USPS Expands Its Cash Conservation Initiatives

WASHINGTON, DC—July 1, 2011—As a follow-up to the dire financial situation that has forced the U.S. Postal Service to suspend the biweekly payments of its contribution to the Federal Employee Retirement System (FERS), the Postal Service is moving forward with two new cash conservation initiatives effective July 1, 2011. They are:

1) Suspension of discretionary awards for FY 2011.

2) Freezing of Postal Service officer and executive compensation as it relates to the Postal Service’s pay-for-performance program.

The award program for employee recognition and incentive awards is suspended until further notice and applies to all Executive Administrative Schedule (EAS)—administrative and managerial positions—and Postal Career Executive Service (PCES)—senior managers. This prohibits awarding cash, cash equivalent and non-cash tangible items intended for employee recognition. Employees represented by unions will still be eligible to receive awards as outlined in their agreements.

In addition, officer and executive compensation, as it relates to the Postal Service’s pay-for-performance program, will be frozen until further notice.

Despite significant cost reductions in areas within its control, and even with the emergency FERS action, the Postal Service needs Congress to enact legislation that would do the following to return the Postal Service to financial stability:

  • Eliminate the current mandates requiring retiree health benefit pre-payments.
  • Return Civil Service Retirement System and FERS overpayments to the Postal Service.
  • Give the Postal Service the authority to determine the frequency of mail delivery.

About the U.S. Postal Service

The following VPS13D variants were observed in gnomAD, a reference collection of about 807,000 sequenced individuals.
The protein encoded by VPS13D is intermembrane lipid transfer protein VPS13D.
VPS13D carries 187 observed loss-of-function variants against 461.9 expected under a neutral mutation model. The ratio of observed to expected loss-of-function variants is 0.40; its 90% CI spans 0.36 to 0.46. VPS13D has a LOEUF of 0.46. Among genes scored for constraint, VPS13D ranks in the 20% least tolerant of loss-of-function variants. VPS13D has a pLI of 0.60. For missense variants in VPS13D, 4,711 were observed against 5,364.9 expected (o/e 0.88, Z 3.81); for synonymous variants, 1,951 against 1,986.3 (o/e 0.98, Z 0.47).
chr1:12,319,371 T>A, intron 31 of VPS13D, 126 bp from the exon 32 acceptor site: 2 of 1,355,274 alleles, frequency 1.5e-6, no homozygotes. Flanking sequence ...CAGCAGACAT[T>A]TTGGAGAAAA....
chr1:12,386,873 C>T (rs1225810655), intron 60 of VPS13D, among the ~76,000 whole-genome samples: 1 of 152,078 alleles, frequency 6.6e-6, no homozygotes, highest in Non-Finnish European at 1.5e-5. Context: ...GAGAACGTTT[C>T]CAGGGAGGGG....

A self-supporting government enterprise, the U.S. Postal Service is the only delivery service that reaches every address in the nation, 150 million residences, businesses and Post Office Boxes. The Postal Service receives no tax dollars for operating expenses, and relies on the sale of postage, products and services to fund its operations. We’re everywhere so you can be anywhere: With 32,000 retail locations and the most frequently visited website in the federal government,, the Postal Service has annual revenue of more than $67 billion and delivers nearly 40 percent of the world’s mail. If it were a private sector company, the U.S. Postal Service would rank 29th in the 2010 Fortune 500. Black Enterprise and Hispanic Business magazines ranked the Postal Service as a leader in workforce diversity. The Postal Service has been named the Most Trusted Government Agency six consecutive years and the sixth Most Trusted Business in the nation by the Ponemon Institute.

Source: USPS.

  • Rob

    In the "About the U.S. Postal Service" section the USPS evidently forgot to mention that they lost 9 billion dollars last year while at the same time remaining a "self-supporting government enterprise". That little blurb no doubt got lost in the mail.

  • Cannoli

    What bonus’s? Ninety nine per cent went to postmasters, assistant postmasters and supervisors. The donkeys that actually delivered th mail had the supervisors on their backs, telling them to cut across lawns and to finger through the mail while walking, something that we old time carriers weren’t allowed to do. Try reading while you are walking outside. Most supervisors never carried mail as they were clerks and I really can’t see how they could tell you how to do your job. Our postmaster and supervisors got their share of bonus’ while the carriers got letters of appreciation.

  • Johney

    The postal service is also trying to close as many rural post offices as possible, denying rural Americans the same service of city dwellers. And although many rural post offices are losing money, so are many of the big city offices. This is rank discrimination against rural Americans who will now have to spend lots of money on gasoline just to get to a post office. Many older people depend on their post offices in these small communities.

  • Howard

    What would happen if we had two postal services, both empowered to deliver to all the addresses? Then it would be a real business with competition to drive innovation. The bureaucrats will say there would be duplication of effort (govenment-speak for "competition".) If it carries 40% of the world’s mail, there must be many postal services much smaller than the USPS, so there should still be enough scale for economy.

    Just wondering.